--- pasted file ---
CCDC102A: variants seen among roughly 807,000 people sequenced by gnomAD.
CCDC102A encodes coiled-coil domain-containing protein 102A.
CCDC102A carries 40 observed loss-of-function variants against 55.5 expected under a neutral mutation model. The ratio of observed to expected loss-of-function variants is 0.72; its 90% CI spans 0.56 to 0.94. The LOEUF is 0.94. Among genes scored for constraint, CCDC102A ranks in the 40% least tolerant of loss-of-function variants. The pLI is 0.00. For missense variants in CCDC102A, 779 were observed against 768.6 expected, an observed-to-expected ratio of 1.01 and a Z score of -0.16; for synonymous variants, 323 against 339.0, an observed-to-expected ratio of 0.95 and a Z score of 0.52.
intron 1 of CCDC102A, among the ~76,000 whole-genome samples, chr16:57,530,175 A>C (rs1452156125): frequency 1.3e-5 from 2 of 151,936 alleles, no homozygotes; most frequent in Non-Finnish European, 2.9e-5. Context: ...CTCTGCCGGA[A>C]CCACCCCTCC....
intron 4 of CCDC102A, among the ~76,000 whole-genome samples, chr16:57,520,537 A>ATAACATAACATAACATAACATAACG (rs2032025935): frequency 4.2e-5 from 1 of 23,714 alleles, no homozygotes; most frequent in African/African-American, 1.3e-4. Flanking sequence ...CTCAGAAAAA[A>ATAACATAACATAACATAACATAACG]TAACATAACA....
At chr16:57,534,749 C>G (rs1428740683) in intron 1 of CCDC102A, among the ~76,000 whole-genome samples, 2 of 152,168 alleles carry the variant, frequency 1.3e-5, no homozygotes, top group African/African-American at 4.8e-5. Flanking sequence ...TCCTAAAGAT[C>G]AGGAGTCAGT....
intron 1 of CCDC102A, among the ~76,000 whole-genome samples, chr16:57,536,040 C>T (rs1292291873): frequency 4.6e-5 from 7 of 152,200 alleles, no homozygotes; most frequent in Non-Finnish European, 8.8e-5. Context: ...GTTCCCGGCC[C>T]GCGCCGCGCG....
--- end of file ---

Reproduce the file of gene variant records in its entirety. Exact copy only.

CCDC102A: variants seen among roughly 807,000 people sequenced by gnomAD.
CCDC102A encodes coiled-coil domain-containing protein 102A.
CCDC102A carries 40 observed loss-of-function variants against 55.5 expected under a neutral mutation model. The ratio of observed to expected loss-of-function variants is 0.72; its 90% CI spans 0.56 to 0.94. The LOEUF is 0.94. Among genes scored for constraint, CCDC102A ranks in the 40% least tolerant of loss-of-function variants. The pLI is 0.00. For missense variants in CCDC102A, 779 were observed against 768.6 expected, an observed-to-expected ratio of 1.01 and a Z score of -0.16; for synonymous variants, 323 against 339.0, an observed-to-expected ratio of 0.95 and a Z score of 0.52.
intron 1 of CCDC102A, among the ~76,000 whole-genome samples, chr16:57,530,175 A>C (rs1452156125): frequency 1.3e-5 from 2 of 151,936 alleles, no homozygotes; most frequent in Non-Finnish European, 2.9e-5. Context: ...CTCTGCCGGA[A>C]CCACCCCTCC....
intron 4 of CCDC102A, among the ~76,000 whole-genome samples, chr16:57,520,537 A>ATAACATAACATAACATAACATAACG (rs2032025935): frequency 4.2e-5 from 1 of 23,714 alleles, no homozygotes; most frequent in African/African-American, 1.3e-4. Flanking sequence ...CTCAGAAAAA[A>ATAACATAACATAACATAACATAACG]TAACATAACA....
At chr16:57,534,749 C>G (rs1428740683) in intron 1 of CCDC102A, among the ~76,000 whole-genome samples, 2 of 152,168 alleles carry the variant, frequency 1.3e-5, no homozygotes, top group African/African-American at 4.8e-5. Flanking sequence ...TCCTAAAGAT[C>G]AGGAGTCAGT....
intron 1 of CCDC102A, among the ~76,000 whole-genome samples, chr16:57,536,040 C>T (rs1292291873): frequency 4.6e-5 from 7 of 152,200 alleles, no homozygotes; most frequent in Non-Finnish European, 8.8e-5. Context: ...GTTCCCGGCC[C>T]GCGCCGCGCG....